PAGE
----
"Adult" is an odd euphemism for X-rated content. Red Light Winter, recently presented by Broken Glass at the Shadowbox Theatre, was adult in all senses of the word. It was graphic, but a few factors balanced the nudity, sex and coarse language.
Adam Rapp's 2006 Pulitzer Prize finalist has a twisted plot with complex psychological overtones. The shock value was tamed a little more by the remarkable poise of Nicole Rae, who disrobed completely and engaged in starkly sexual scenes. But she put the audience at ease — even though the theater was so small that audience members could almost touch the actors.
I have reservations about the script, but I offer a tip of my hat to director Harold Gervais, who put together an excellent cast and kept them focused.
Matt (Richard Mayer) and Davis (Matt Story) are 20-something buddies who go to Amsterdam, Netherlands to indulge in its exotic but legal treats, mostly drugs. They are opposites: Matt is "quiet and nerdy," and Davis is "dickish and macho."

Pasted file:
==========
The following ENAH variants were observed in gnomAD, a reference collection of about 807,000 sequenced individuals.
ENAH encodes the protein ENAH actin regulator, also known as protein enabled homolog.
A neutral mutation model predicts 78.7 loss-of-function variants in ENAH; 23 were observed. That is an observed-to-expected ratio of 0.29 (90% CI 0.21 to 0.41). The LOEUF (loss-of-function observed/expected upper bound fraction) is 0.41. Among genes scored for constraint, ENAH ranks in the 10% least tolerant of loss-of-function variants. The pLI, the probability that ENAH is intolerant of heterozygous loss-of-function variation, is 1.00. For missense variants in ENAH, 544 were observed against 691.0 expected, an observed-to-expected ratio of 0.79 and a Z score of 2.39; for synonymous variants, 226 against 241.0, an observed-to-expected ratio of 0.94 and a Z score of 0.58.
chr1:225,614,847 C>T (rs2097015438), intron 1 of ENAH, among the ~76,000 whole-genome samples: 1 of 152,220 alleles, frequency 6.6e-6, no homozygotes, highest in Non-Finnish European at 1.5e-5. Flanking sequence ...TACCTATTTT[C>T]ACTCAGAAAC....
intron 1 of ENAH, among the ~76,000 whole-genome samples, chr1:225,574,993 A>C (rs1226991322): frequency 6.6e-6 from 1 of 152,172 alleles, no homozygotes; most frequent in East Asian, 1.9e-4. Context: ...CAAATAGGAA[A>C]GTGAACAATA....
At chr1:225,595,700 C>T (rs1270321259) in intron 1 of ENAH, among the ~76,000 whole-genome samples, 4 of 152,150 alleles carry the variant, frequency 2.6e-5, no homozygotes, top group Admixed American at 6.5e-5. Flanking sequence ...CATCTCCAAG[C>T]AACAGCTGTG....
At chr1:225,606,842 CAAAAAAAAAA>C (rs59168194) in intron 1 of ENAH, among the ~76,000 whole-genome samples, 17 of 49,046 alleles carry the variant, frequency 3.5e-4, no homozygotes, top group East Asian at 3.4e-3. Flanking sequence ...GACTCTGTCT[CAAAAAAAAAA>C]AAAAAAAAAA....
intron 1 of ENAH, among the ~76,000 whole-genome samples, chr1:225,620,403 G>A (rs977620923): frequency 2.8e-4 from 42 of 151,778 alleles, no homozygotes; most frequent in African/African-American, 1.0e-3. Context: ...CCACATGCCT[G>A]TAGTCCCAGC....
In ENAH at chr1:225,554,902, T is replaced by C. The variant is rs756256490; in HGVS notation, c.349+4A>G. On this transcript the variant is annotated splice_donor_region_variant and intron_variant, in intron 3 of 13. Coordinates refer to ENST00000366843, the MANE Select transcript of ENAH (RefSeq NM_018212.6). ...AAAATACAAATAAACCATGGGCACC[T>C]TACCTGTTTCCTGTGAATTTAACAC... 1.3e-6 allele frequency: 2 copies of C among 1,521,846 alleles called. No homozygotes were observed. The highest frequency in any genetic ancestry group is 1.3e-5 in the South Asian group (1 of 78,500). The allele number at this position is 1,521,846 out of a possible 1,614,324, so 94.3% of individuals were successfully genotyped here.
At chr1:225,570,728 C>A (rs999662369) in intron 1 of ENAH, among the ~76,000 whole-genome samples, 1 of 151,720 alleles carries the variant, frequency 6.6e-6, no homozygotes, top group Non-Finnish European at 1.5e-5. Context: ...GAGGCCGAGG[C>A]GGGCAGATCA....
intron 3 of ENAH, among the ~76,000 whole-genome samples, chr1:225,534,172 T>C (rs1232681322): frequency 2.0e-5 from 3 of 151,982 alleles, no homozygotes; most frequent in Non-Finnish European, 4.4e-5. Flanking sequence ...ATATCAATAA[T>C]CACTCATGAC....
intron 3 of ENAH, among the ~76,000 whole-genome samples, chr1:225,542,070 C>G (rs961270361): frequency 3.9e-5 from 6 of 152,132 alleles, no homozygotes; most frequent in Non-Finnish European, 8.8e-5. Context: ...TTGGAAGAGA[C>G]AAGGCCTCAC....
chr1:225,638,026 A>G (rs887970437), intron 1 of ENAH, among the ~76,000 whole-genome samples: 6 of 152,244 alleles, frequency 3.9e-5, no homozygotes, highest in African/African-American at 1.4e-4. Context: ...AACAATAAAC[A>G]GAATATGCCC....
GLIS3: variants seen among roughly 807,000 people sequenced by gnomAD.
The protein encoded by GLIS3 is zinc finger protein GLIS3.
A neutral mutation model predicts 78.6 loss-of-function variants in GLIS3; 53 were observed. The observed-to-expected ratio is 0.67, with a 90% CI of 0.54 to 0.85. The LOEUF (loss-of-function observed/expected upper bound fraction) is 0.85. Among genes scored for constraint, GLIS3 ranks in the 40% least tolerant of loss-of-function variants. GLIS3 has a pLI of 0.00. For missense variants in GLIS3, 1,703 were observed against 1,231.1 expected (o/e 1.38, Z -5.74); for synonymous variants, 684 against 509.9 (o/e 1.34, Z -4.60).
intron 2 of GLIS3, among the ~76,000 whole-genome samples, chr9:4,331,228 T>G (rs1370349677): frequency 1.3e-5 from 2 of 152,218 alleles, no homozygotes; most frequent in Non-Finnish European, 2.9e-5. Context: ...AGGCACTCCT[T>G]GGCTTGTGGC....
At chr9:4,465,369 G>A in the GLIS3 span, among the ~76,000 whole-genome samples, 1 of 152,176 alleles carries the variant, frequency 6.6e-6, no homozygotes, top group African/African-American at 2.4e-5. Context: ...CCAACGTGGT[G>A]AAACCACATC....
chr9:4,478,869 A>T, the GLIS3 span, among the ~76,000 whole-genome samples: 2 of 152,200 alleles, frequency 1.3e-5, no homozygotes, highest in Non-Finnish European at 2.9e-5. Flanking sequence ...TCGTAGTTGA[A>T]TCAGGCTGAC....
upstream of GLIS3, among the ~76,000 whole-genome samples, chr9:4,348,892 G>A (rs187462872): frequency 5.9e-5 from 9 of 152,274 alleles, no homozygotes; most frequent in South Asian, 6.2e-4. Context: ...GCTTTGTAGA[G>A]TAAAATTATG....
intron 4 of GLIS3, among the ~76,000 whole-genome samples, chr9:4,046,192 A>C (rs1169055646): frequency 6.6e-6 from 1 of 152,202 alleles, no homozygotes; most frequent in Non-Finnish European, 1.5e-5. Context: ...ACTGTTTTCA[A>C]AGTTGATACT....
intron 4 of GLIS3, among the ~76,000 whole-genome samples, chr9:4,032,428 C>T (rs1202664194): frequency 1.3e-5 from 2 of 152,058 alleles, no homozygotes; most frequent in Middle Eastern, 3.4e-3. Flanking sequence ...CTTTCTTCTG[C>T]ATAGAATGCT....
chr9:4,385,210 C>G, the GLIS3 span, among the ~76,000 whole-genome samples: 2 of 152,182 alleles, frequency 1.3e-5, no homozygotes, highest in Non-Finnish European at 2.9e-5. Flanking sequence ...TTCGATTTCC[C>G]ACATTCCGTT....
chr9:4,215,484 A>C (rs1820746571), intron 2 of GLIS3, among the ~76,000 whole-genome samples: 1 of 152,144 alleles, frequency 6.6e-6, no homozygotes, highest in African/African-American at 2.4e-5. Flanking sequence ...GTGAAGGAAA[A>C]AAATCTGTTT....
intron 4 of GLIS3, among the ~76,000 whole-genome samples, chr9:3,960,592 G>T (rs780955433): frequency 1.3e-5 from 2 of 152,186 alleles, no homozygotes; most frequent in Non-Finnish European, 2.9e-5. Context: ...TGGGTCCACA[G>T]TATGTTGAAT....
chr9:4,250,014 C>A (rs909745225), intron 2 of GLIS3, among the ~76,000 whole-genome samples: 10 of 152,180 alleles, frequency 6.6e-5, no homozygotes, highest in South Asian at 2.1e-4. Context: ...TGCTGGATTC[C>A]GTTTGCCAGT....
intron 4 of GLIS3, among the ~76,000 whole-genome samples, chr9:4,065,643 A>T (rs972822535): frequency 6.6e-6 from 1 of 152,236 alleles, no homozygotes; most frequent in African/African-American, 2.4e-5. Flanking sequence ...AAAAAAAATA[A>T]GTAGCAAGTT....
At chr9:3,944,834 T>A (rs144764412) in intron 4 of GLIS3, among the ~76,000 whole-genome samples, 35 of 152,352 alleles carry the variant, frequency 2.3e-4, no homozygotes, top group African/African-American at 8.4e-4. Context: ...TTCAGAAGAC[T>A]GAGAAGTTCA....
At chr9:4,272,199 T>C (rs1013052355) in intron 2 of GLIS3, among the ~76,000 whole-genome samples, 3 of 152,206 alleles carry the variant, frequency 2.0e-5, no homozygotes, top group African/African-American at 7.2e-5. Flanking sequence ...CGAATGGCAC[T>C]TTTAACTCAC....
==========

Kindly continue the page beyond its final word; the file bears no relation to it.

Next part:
The friends were two sides of a love triangle. The woman started with Matt and ended up with Davis, and this is a sore point between them. The overly sensitive Matt hasn't slept with a woman in the three years since. Davis goes out and recruits a prostitute, Christina (Rae), who has a charming self-contained manner, and offers her as a gift to Matt, who is immediately smitten. But the love triangle problem repeats itself. Christina goes wild for Davis, claiming she loves having sex with him. Poor Matt becomes nervous and hardly knows what to do when she approaches him.
Mayer's nerd was believably torn by his unrequited love for Christina. Rae not only carried the difficult moments of nudity and sex with aplomb, she created a character who interacted believably with the others. Story gave us a villainous yuppie, although he was more buffoonish than charismatic.
The nudity, sex and lingo were all shocking. The plot was twisted, and the effect was like a fireworks display. You watched amazed, but didn't take away much to think about. Still, Broken Glass Productions offered an impressive cutting-edge drama. — Dalt Wonk